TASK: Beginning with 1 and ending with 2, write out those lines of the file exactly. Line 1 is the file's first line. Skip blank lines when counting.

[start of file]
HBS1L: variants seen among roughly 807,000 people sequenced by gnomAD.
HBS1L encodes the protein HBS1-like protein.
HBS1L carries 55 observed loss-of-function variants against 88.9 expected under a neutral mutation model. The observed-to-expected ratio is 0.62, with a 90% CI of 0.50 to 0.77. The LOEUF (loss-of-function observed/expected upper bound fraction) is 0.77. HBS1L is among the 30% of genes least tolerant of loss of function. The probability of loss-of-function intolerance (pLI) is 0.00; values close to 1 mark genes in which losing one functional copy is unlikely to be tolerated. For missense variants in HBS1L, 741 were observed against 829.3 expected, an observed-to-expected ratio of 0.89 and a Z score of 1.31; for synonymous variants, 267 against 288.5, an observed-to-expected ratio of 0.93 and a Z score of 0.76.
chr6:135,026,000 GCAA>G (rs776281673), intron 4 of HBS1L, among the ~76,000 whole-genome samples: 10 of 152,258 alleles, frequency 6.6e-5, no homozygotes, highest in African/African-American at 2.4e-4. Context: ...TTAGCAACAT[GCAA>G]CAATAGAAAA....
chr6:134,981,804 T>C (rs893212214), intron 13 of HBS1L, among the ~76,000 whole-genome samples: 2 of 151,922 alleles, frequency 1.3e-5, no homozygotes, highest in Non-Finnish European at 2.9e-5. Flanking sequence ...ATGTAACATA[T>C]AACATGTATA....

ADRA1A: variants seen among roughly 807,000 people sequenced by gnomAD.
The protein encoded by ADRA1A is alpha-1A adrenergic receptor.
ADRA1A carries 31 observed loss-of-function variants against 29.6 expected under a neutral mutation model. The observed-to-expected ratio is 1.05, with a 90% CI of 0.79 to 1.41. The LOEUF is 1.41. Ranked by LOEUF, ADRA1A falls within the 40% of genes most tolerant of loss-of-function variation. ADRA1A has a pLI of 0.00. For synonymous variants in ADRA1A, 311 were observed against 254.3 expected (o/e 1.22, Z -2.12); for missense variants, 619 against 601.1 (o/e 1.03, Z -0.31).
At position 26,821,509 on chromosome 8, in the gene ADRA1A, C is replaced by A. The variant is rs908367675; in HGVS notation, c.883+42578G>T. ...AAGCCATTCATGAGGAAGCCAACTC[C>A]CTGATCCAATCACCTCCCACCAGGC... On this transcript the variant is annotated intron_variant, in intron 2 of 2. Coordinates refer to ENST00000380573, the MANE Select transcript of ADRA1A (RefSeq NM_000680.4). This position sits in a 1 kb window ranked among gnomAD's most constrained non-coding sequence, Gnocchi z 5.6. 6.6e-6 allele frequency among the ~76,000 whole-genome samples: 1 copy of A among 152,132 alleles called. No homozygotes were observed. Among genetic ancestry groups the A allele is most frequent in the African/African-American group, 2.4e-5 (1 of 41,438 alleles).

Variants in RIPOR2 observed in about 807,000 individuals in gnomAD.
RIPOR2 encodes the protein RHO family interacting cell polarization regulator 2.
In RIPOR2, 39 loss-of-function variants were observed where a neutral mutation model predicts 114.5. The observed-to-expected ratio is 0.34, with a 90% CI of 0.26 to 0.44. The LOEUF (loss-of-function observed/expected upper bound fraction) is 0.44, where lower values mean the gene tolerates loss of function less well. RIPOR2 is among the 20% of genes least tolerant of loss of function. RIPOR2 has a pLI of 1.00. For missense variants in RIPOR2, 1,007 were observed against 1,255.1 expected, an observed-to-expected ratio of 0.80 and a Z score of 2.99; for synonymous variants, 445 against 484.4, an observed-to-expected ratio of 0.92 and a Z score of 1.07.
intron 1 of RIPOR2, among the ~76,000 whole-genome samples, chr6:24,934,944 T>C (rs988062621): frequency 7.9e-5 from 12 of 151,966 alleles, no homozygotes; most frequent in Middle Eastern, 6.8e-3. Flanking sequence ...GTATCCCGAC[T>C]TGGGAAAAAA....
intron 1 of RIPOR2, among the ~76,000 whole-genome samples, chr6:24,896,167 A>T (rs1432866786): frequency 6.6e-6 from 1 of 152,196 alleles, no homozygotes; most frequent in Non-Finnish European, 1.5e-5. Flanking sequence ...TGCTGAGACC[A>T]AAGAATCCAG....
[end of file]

HBS1L: variants seen among roughly 807,000 people sequenced by gnomAD.
HBS1L encodes the protein HBS1-like protein.